They said that a continuous decline in reserve might force Pakistan to apply for a new programme of the International Monetary Fund (IMF) to maintain its rapidly depleting forex reserves.
As per repayment schedule agreed between Pakistan and IMF, the country has to pay a total of 1.726 billion Special Drawing Rights (SDRs) on account of the Stand-by Arrangement (SBA) during the fiscal year 2012-2013 (FY13). In dollar terms, this amount is equal to $2.58 billion.
Since July 1 last year, Pakistan has paid seven installments worth $1.14 billion to the IMF as part payment of SBA and other debt payments from forec reserves maintained by the State bank of Pakistan (SBP).
As a result, a fall of 17 percent was witnessed in the SBP's reserves during the first half of the current fiscal year. Foreign exchange reserves held by the SBP have down to $9.009 billion by December 28 last year compared with $10.802 billion on June 29, 2011, depicting a decline of $1.792 billion in July-December of the current fiscal year.
However, reserves held by banks witnessed some improvement as they surged by $364.4 million to $4.799 billion in December last year against $4.434 billion in June last year.
Cumulatively, a decline of $1.428 billion was registered in total liquid foreign reserves. The country's total liquid foreign reserves declined to $13.808 billion in December last year from $15.236 billion in June of the same year.
Home remittances, sent by overseas Pakistanis, constitute major foreign inflows helping maintain the reserves at a suitable level, while remaining foreign inflows from international donors remained almost standstill. However, during the current fiscal year, Pakistan also received much awaited payments of Coalition Support Fund (CSF) from the United State.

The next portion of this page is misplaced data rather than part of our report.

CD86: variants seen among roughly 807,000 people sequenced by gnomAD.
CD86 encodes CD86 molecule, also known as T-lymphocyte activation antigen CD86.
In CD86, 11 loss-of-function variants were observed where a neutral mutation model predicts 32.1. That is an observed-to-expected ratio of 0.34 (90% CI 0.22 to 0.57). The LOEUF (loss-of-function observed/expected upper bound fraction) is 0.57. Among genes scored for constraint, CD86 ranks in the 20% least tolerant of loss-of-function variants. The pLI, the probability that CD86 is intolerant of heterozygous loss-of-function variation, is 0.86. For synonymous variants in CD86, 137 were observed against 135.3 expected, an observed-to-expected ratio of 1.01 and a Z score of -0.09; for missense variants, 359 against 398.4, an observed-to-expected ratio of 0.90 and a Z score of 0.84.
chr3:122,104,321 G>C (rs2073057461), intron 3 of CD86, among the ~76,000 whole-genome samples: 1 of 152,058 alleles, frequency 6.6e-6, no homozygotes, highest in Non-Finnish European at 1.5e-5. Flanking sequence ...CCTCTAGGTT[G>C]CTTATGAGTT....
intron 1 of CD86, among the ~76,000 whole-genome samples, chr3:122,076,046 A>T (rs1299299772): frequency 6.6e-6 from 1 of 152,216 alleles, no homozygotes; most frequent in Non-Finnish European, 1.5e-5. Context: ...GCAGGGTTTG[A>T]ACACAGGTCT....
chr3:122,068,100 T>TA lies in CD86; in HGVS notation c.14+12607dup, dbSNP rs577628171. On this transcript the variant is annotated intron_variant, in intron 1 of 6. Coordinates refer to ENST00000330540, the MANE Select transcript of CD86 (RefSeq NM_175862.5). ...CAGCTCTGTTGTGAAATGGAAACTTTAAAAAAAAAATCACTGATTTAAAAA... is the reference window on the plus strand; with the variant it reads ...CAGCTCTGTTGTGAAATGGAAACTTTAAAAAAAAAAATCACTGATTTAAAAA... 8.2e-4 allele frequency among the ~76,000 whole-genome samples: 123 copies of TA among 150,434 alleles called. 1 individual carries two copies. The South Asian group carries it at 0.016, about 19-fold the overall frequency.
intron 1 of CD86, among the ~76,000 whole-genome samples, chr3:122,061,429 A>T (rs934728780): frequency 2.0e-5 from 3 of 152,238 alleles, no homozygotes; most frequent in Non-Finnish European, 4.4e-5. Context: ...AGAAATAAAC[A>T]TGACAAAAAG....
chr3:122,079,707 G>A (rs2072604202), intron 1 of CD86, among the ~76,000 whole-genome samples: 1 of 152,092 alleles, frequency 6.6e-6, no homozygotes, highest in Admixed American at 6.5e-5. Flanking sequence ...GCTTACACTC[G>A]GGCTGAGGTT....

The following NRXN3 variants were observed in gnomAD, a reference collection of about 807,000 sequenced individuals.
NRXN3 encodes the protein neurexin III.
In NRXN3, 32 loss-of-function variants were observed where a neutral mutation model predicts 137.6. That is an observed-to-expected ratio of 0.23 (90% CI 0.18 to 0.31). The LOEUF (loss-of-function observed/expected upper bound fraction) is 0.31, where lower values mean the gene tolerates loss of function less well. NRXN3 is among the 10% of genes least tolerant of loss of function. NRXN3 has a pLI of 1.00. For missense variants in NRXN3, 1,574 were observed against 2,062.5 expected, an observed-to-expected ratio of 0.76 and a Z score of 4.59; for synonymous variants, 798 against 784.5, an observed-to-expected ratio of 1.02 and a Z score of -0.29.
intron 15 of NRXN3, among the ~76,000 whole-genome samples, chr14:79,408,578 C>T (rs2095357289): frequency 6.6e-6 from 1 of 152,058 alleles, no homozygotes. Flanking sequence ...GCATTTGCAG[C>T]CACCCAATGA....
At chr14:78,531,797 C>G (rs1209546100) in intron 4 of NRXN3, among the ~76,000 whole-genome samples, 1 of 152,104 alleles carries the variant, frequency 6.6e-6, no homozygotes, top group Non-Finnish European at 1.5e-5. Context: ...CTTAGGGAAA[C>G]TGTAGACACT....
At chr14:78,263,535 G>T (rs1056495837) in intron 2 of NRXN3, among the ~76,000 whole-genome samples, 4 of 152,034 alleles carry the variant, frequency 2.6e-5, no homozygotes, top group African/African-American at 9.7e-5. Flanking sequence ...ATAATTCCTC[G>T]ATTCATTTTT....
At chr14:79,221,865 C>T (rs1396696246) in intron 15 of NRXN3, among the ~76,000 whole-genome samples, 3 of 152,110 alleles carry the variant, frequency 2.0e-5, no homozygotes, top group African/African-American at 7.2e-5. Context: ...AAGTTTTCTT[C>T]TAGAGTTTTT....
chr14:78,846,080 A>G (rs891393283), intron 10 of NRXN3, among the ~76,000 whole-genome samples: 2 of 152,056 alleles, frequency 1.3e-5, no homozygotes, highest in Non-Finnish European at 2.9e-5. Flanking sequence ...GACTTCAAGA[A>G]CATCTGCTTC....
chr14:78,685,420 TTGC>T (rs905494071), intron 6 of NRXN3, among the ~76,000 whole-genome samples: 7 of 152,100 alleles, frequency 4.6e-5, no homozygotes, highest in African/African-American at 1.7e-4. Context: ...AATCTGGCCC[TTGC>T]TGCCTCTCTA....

Pakistan received $1.118 billion on August 2 last year, after it restored Nato supplies after a formal apology from the United State on the Salala check post incident. This payment was received after a gap of 18 months: the country had last received $633 million in December 2010. Another payment of $688 million was received on December 28 last year. These two payments also helped maintain forex reserves at a higher level.
Pakistan rejoined IMF in November 2009 when it applied for SBA to build up its foreign reserves. Later, IMF stopped SBA payments and Pakistan exited the program in September 2011.
In addition, the State Bank is taking several measurers to reduce foreign currency payments. So far, it has signed two currency swap agreements with Turkey and China.
The first agreement was signed with Turkey in October last year worth a billion-dollar equivalent in respective currencies.
In China's case, the currency swap agreement was executed for a tenure of three years in respective currencies, worth Rs140 billion and 10 billion Chinese yuan.